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Orthodox Judaism and the Temple Mount dilemma

Recent rabbinic rulings permitting Jews to ascend the Mount show that Orthodox Judaism can change

Over the past decade, there has been a steady increase in rabbinical rulings that permit the entry of Jews to the Temple Mount. It began with the precedent-setting ruling of the Council of Yesha Rabbis (from Judea, Samaria and the Gaza Strip) in February 1996, which permitted Jews to enter certain areas of the Mount, with a call to each rabbi who agreed with the ruling to go up to the Mount together with his congregation. The only limitation was to observe the restrictions regarding purity when doing so.

Since the reopening of the Temple Mount to Jews in November 2003 (it had been closed because of the Al-Aqsa Intifada), one can see the practical expression of this decision since every day now many Jews go up to the Mount, most of them members of the “nationalist yeshivas,” for a visit and silent prayer. According to information published by then minister Tzachi Hanegbi, during the year following the reopening of the Temple Mount, more than 70,000 Jews have visited the site.

As tensions in Jerusalem rise in regards to the control of the Temple Mount, and with the rising voices among Orthodox circles to change the Status Quo arrangement on the mount, it is important to observe the reasons that brought us to this point. This phenomenon represents  a genuine revolution in religious behavior. Since the destruction of the Second Temple, Jews have been considered impure due to contact with dead bodies, and therefore they are forbidden to enter the area where the Temple stood. This state of impurity can be changed into one of purity only with the help of the ashes of a red heifer and, as we know, such an animal no longer exists. Moreover, the exact dimensions of the Temple have been lost as well. We don’t know on which parts of the Mount the Holy of Holies was located, since, the Temple Mount is much larger than the dimensions of the structure itself. Therefore, it was ruled that the Temple Mount should not be ascended.

According to halakha (Jewish religious law), anyone who enters the mount will be punished by karet—a death sentence carried out by God. This decision has been reinforced in innumerable rulings. One was handed down by the chief rabbinate after the capture of the Mount during the Six-Day War in 1967, when Rabbi Tzvi Yehuda Kook, then head of the ultra-nationalist Mercaz Harav Yeshiva, joined its call. And this custom is followed by the vast majority of ultra-Orthodox rabbis.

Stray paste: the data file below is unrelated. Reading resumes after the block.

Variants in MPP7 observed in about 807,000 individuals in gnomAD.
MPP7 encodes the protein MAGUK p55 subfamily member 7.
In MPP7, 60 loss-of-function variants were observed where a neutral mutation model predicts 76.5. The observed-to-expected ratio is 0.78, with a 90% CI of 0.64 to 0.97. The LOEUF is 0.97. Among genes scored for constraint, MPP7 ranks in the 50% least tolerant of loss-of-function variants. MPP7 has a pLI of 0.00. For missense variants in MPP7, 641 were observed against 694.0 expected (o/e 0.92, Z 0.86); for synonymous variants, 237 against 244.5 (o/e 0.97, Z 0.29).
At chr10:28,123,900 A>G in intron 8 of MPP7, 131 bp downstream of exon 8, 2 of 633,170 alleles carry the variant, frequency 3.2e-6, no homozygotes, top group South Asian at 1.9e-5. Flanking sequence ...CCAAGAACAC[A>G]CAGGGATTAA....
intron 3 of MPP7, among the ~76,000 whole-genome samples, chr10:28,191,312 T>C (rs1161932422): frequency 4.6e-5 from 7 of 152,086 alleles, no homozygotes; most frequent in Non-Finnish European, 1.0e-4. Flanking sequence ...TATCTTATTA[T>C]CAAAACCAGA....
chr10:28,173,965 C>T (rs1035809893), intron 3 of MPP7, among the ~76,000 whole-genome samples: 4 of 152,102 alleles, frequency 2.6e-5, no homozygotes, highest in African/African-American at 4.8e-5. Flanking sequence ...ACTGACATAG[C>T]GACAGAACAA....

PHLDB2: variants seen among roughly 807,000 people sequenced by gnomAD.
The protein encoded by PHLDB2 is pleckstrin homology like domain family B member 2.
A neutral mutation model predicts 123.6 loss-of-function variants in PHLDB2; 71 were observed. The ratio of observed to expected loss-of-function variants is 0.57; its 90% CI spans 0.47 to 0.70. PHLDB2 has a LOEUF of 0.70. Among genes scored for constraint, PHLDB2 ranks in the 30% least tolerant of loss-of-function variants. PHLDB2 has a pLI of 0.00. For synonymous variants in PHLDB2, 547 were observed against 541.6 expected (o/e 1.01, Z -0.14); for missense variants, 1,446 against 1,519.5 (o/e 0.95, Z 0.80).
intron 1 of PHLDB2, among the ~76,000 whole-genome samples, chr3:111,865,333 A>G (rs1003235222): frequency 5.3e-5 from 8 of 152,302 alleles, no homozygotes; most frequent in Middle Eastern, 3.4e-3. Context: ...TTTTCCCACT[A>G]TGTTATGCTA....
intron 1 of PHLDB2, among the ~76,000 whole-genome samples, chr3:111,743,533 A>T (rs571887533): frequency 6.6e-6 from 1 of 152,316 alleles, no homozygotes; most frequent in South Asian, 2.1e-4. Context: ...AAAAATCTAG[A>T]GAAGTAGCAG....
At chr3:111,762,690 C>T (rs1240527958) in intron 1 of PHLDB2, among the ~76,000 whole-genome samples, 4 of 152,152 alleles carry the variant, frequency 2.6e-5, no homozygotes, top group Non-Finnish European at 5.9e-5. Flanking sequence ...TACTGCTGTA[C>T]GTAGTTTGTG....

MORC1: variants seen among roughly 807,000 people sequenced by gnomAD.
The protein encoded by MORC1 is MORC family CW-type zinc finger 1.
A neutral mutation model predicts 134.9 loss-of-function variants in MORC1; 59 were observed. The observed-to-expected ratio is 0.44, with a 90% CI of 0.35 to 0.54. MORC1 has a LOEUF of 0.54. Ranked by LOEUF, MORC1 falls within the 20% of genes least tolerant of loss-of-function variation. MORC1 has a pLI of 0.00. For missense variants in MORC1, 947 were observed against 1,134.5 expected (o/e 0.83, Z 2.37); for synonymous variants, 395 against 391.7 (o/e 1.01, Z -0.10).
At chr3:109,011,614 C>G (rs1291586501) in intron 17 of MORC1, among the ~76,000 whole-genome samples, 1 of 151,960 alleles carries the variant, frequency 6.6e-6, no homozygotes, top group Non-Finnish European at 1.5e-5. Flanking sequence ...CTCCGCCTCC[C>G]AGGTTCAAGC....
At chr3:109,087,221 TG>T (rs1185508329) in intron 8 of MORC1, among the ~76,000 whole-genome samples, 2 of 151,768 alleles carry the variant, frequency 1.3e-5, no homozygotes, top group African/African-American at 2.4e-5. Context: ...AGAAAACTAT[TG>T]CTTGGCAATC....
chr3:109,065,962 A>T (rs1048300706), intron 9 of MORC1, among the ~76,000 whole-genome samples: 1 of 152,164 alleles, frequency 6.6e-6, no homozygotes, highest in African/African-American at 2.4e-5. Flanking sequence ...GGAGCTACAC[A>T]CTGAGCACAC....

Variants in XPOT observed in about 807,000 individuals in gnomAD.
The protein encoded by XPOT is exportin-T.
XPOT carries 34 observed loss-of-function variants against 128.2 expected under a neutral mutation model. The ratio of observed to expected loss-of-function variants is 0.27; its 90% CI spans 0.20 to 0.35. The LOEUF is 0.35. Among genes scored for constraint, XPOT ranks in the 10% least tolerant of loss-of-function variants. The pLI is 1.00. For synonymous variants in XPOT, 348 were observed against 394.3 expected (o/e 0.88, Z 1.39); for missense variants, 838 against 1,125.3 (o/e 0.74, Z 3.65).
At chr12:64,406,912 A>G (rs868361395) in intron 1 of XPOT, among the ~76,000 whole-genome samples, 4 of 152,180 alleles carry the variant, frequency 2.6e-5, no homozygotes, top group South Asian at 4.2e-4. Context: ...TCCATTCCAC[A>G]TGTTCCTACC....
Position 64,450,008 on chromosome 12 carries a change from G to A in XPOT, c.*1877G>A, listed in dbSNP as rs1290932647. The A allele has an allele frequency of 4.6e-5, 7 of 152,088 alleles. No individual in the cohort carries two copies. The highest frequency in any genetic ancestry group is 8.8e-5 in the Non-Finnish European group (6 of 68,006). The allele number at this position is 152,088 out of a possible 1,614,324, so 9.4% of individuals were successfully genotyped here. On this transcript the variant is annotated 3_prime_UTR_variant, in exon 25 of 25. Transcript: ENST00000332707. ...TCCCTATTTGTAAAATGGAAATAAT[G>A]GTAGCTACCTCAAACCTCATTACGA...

Panorama1 The wailing wall and Temple Mount_norm
(photo credit: Ministry of Tourism)

How is it that so many observant Jews behave in opposition to such a prohibition? How can it be that the religious law on such a central issue has been breached, and that Orthodox rabbis permit something that is considered by most authorities as prohibited?

The answer can probably be found in the manner in which the religious leadership is attempting to deal theologically with the crisis that the peace processes creates for them. In order to understand them, we need to understand the religious attitudes of many members of religious Zionist movements toward the State of Israel: Almost since the inception of the religious Zionist Mizrahi movement, there have been many Orthodox Jews who didn’t consider the establishment of the state a goal in itself. The activist messianic faction of religious Zionism called the Zionist process at’halta degeula (the beginning of the Redemption); Zionist activity was interpreted as something secular that would eventually bring about, without the knowledge of the secularists, the fulfillment of the religious goal of the Return to Zion, namely, the establishment of the religious kingdom and a renewal of the rites on the Temple Mount.

After the Six-Day War, the enthusiasm that ensued swept religious Zionism into the settlement movement. The victory in the war led many to believe that total Redemption was about to begin, and so they went out to capture the land by establishing the so-called facts on the ground.

But since the peace agreement with Egypt, and even more so since the peace process with the Palestinian Authority, the leadership of religious Zionism is in a state of crisis, and faces a religious dilemma: How can one identify the beginning of Redemption in a state that is returning territory to Arabs and becoming increasingly secular? How can one identify the process of Redemption in the uprooting of settlements?

This dilemma gave rise to the counter-reaction of a strengthening of the desire for the Temple Mount and of greater commitment to the goal of rebuilding the Temple. The fear of the upcoming changes, which included talk of giving the Temple Mount over to Palestinian rule, has led to moves that are designed to prevent them. In order to “prevent” the Redemption from being lost because of the behavior of the State of Israel, which is unaware of its destiny in this historical drama, permission was found to enter the Temple Mount and establish “facts on the ground.”

The breach of the rabbinical decision that forbids entry to the Temple Mount demonstrates that strict religious law can be updated in accordance with changing political circumstances.

About the Author
Motti Inbari is an associate professor of religion at the University of North Carolina at Pembroke. He is the author of Jewish Fundamentalism and the Temple Mount (SUNY 2009) and Messianic Religious Zionism Confronts Israeli Territorial Compromises (Cambridge 2012) and Jewish Radical Ultra Orthodoxy Confronts Modernity, Zionism and Women's Equality (Cambridge 2016).
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